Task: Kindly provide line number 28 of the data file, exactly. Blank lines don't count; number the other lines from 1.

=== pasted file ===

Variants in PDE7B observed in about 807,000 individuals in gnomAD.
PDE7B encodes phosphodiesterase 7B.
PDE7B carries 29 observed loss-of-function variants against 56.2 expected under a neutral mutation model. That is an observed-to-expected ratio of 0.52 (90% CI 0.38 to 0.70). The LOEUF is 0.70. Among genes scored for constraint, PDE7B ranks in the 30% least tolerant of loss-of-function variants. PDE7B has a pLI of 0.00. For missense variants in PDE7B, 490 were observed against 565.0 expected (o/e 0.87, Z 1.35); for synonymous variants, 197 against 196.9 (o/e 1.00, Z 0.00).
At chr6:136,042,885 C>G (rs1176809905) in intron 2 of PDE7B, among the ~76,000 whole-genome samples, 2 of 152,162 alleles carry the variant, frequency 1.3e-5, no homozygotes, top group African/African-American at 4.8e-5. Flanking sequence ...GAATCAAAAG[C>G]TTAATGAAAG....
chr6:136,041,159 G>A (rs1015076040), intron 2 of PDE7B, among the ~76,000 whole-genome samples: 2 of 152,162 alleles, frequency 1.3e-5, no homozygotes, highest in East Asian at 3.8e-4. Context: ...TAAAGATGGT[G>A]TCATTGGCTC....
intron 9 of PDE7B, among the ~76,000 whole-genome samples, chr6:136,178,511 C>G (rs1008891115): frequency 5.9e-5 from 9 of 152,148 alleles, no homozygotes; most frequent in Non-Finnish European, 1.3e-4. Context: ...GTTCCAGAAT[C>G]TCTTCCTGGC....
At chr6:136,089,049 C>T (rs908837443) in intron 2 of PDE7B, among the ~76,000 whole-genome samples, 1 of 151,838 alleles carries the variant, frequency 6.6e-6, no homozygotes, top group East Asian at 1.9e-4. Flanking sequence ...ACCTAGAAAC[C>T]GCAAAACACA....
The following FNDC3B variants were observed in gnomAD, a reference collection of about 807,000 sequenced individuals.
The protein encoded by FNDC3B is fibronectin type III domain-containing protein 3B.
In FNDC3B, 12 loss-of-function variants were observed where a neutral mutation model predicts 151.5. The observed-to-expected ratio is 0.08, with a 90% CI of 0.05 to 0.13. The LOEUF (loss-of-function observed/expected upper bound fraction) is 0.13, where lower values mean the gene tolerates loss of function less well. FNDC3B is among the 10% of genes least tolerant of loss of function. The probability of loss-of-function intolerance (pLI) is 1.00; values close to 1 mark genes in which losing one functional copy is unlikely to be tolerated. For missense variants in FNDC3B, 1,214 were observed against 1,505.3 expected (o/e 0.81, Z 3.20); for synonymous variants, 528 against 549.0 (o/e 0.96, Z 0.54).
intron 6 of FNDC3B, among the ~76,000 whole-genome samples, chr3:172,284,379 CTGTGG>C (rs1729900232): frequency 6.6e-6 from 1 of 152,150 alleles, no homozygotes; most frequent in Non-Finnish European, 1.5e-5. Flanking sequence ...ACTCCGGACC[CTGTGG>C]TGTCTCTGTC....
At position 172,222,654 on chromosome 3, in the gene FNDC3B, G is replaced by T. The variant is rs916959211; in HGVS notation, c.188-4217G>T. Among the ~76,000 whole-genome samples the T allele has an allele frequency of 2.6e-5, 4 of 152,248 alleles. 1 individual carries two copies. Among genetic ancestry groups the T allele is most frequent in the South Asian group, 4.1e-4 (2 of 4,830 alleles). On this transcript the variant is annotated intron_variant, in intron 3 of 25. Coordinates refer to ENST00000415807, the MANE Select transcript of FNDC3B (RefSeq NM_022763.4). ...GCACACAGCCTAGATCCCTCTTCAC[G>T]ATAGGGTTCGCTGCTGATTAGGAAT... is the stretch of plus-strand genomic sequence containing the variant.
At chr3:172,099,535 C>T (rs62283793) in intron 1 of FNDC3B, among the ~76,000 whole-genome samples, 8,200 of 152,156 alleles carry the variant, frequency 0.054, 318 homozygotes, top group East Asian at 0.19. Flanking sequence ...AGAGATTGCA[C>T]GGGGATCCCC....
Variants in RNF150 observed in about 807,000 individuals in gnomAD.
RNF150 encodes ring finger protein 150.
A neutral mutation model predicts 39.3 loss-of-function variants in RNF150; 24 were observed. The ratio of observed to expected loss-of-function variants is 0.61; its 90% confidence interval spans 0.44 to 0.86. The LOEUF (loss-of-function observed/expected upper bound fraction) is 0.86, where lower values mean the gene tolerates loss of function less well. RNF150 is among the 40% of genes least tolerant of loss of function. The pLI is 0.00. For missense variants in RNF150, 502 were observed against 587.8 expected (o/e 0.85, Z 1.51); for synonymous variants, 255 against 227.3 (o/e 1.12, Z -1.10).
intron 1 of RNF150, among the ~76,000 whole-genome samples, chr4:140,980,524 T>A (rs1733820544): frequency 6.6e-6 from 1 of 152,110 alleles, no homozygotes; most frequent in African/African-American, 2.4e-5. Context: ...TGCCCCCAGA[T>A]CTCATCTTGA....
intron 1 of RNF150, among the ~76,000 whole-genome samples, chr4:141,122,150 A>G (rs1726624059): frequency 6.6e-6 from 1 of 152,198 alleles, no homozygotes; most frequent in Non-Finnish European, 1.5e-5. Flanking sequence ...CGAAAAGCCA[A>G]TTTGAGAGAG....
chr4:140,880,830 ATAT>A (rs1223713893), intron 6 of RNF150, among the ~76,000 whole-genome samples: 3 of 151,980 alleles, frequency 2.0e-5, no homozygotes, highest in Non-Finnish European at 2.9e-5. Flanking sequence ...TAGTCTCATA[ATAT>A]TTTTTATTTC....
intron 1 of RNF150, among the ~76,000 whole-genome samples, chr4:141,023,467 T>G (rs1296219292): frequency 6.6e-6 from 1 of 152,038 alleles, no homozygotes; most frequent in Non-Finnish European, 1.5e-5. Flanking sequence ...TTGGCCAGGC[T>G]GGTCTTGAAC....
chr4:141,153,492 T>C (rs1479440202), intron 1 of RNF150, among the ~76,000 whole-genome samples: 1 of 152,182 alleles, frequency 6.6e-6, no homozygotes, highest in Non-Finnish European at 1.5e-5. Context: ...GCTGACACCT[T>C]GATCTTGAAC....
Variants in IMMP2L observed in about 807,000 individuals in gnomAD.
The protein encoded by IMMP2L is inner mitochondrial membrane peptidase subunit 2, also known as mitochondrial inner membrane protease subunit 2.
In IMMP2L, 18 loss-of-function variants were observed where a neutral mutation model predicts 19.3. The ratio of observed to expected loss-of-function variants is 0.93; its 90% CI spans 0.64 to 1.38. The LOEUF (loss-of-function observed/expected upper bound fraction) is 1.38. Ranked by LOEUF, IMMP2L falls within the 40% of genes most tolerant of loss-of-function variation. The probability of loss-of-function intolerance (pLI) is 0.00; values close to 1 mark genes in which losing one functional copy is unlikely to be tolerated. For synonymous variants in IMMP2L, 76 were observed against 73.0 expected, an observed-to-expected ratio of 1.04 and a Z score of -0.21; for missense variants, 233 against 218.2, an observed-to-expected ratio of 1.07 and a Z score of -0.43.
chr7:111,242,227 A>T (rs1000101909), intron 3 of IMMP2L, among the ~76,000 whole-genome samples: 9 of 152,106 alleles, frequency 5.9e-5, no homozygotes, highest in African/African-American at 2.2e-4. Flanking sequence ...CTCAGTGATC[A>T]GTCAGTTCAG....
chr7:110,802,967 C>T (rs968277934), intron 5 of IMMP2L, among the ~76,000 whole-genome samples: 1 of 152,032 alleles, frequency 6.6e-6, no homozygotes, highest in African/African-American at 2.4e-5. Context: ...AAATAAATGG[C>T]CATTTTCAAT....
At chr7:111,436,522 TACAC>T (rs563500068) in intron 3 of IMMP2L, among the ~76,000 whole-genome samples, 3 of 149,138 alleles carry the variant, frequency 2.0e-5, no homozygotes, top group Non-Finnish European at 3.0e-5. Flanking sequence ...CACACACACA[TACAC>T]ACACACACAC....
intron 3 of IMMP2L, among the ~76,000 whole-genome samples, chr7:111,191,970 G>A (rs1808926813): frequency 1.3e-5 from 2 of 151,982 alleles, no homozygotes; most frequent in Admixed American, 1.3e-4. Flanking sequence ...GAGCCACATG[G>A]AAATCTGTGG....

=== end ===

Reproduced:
intron 3 of IMMP2L, among the ~76,000 whole-genome samples, chr7:111,191,970 G>A (rs1808926813): frequency 1.3e-5 from 2 of 151,982 alleles, no homozygotes; most frequent in Admixed American, 1.3e-4. Flanking sequence ...GAGCCACATG[G>A]AAATCTGTGG....